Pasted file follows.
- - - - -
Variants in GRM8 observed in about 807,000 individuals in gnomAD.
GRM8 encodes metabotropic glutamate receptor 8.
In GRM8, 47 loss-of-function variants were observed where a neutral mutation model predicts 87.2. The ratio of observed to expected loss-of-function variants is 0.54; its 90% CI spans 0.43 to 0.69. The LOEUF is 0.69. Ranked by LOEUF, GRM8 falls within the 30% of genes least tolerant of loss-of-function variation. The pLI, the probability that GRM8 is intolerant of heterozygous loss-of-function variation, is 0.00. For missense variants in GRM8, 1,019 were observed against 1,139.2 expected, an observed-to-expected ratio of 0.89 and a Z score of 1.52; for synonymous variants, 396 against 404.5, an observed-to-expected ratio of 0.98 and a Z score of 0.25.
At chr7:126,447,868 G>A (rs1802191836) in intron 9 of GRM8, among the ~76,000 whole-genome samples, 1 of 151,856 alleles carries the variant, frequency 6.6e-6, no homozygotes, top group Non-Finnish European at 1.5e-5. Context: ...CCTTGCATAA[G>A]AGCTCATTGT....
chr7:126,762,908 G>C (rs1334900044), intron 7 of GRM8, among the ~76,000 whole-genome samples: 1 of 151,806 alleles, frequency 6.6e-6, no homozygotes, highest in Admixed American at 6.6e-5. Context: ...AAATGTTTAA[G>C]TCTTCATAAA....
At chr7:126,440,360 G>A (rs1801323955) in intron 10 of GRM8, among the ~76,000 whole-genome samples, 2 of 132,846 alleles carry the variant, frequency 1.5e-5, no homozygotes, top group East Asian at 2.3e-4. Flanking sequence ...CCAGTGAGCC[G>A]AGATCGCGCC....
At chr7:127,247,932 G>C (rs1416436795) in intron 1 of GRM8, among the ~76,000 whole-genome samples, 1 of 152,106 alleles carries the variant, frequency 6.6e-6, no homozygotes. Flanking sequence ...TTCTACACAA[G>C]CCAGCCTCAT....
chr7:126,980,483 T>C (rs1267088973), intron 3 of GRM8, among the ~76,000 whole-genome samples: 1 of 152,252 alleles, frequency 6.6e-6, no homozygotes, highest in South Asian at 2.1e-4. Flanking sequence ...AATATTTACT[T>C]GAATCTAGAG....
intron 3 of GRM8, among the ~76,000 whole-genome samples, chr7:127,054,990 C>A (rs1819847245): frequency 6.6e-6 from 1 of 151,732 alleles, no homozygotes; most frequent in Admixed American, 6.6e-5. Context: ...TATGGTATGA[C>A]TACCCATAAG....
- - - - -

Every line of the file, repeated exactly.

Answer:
Variants in GRM8 observed in about 807,000 individuals in gnomAD.
GRM8 encodes metabotropic glutamate receptor 8.
In GRM8, 47 loss-of-function variants were observed where a neutral mutation model predicts 87.2. The ratio of observed to expected loss-of-function variants is 0.54; its 90% CI spans 0.43 to 0.69. The LOEUF is 0.69. Ranked by LOEUF, GRM8 falls within the 30% of genes least tolerant of loss-of-function variation. The pLI, the probability that GRM8 is intolerant of heterozygous loss-of-function variation, is 0.00. For missense variants in GRM8, 1,019 were observed against 1,139.2 expected, an observed-to-expected ratio of 0.89 and a Z score of 1.52; for synonymous variants, 396 against 404.5, an observed-to-expected ratio of 0.98 and a Z score of 0.25.
At chr7:126,447,868 G>A (rs1802191836) in intron 9 of GRM8, among the ~76,000 whole-genome samples, 1 of 151,856 alleles carries the variant, frequency 6.6e-6, no homozygotes, top group Non-Finnish European at 1.5e-5. Context: ...CCTTGCATAA[G>A]AGCTCATTGT....
chr7:126,762,908 G>C (rs1334900044), intron 7 of GRM8, among the ~76,000 whole-genome samples: 1 of 151,806 alleles, frequency 6.6e-6, no homozygotes, highest in Admixed American at 6.6e-5. Context: ...AAATGTTTAA[G>C]TCTTCATAAA....
At chr7:126,440,360 G>A (rs1801323955) in intron 10 of GRM8, among the ~76,000 whole-genome samples, 2 of 132,846 alleles carry the variant, frequency 1.5e-5, no homozygotes, top group East Asian at 2.3e-4. Flanking sequence ...CCAGTGAGCC[G>A]AGATCGCGCC....
At chr7:127,247,932 G>C (rs1416436795) in intron 1 of GRM8, among the ~76,000 whole-genome samples, 1 of 152,106 alleles carries the variant, frequency 6.6e-6, no homozygotes. Flanking sequence ...TTCTACACAA[G>C]CCAGCCTCAT....
chr7:126,980,483 T>C (rs1267088973), intron 3 of GRM8, among the ~76,000 whole-genome samples: 1 of 152,252 alleles, frequency 6.6e-6, no homozygotes, highest in South Asian at 2.1e-4. Flanking sequence ...AATATTTACT[T>C]GAATCTAGAG....
intron 3 of GRM8, among the ~76,000 whole-genome samples, chr7:127,054,990 C>A (rs1819847245): frequency 6.6e-6 from 1 of 151,732 alleles, no homozygotes; most frequent in Admixed American, 6.6e-5. Context: ...TATGGTATGA[C>A]TACCCATAAG....